Fryers

Check that the fryer pan is clean and the drain valve is fully closed before refilling with oil.  Heat the oil to normal frying temperature (175/190°C) and carefully check this with a suitable thermometer to ensure that the thermostat is working correctly.

 

Appliances using water

Water softeners

Turn the water supply back on, add salt to the brine box and plug the appliance back in or switch on the electrical supply.  Reset the timer for regeneration cycles to a suitable time.

 

Water filters

Water filters should be flushed in accordance with the manufacturer’s instructions which normally require flushing with at least 5 times the capacity of the filter

 

Combi ovens and Steaming ovens

Before reusing Combi ovens and steaming ovens, ensure that water filters or other water treatment are fitted and have been flushed.  Appliances should be fully cleaned and sanitised then put on to either a cleaning cycle or on a steam cycle.  Door seals should be checked for leaks or damage.  If a wash down hose is fitted this should be thoroughly flushed for at least 10 minutes to remove any build-up of bacteria.

 

Pre-wash sprays

Pre-wash sprays should be thoroughly flushed for at least 10 minutes to remove any build-up of bacteria.

 

Water boilers

Before attempting to restart the appliance, ensure that any filters have been flushed or other water treatment units have been recommissioned.  Assuming that the water supply to the appliance had been turned off, it should be turned back on and the appliance refilled and brought up to boiling.

 

Coffee machines

Where water filters are fitted, ensure that these have been flushed or a new one fitted.

Turn on the water and then follow the manufacturer’s start up procedure which normally requires the machine to heat up and be run through several cycles before making coffee.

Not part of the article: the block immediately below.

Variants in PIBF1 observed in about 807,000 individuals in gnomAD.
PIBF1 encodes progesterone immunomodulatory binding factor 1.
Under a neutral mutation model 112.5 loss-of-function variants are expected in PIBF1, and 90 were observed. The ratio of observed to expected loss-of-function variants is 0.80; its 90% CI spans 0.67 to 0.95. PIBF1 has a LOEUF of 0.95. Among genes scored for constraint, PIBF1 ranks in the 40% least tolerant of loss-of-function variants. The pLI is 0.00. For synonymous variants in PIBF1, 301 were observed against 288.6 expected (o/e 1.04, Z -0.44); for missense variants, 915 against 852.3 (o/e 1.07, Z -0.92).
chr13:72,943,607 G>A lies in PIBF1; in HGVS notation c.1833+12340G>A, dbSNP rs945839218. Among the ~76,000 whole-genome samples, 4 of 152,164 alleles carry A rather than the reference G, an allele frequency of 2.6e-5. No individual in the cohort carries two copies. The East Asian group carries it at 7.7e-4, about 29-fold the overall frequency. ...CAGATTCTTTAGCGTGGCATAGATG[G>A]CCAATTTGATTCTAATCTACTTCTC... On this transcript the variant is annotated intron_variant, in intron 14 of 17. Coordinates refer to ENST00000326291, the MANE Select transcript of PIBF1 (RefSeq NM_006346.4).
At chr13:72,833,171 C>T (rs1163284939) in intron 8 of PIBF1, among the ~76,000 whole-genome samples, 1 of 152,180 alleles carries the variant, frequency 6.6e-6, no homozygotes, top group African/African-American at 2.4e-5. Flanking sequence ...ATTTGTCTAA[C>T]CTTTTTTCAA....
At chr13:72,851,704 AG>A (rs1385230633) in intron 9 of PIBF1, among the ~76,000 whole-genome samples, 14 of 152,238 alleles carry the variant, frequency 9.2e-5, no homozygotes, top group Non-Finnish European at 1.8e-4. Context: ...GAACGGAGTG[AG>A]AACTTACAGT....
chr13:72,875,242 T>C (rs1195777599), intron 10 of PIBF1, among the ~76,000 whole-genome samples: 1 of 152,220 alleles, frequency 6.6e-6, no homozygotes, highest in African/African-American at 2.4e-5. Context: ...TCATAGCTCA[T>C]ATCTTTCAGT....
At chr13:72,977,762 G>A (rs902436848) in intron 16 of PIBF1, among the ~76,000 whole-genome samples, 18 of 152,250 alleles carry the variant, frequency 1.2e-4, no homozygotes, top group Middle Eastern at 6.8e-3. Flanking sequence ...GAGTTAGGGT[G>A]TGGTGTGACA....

Ice machines

Drain down the water system of your ice machine to remove any potentially stagnant or contaminated water.

Remove the water system components from the machine. Cleaning and sanitise these parts, replace them if they’re worn or damaged.

Remove and clean the water inlet hose feeding the equipment, replace this if it has any signs of damage.

Replace the water filter cartridge. Quality hygienic ice needs a clean and hygienic water supply.

Once the parts have been cleaned, flush the whole system and ice storage bin with and approved sanitising solution, circulating it around for a minimum of 10 minutes. Ensure that you pour sanitising solution down any internal drain points to sanitise these too.

Remove and clean the drain hose of the equipment to prevent any return of stagnant water to potentially contaminate the ice bin. Replace the hose if it’s excessively dirty or damaged.

On completion of the above regime, allow the unit to make ice BUT dispose of the first few batches of ice to ensure that all residual sanitiser is purged from the system.

To ensure your ice remains safe and hygienic, clean and sanitise the external surfaces, bin lids, ice scoops and ice buckets regularly throughout the day and clean your ice machine completely at least once a week.

 

Water systems

Where a building, part of a building or a water system is taken out of use, sometimes (mothballed), it should be managed so that microbial growth including legionella in the water is appropriately controlled.

Before reusing the water system, it should be recommissioned by a competent person as though it was new (i.e. thoroughly flushed, cleaned and disinfected) before returned to use.  For more information see https://www.cieh.org/media/4208/legionella-guidance-covid-19.pdf

 

Drainage

Drains and waste pipes may have dried out during closure causing waste material to stick to the pipes so flush the drain system by flushing with water.  Fill sinks and then remove plugs to obtain a high flow rate.

Grease traps where installed should be thoroughly cleaned in accordance with the manufacturer’s instructions.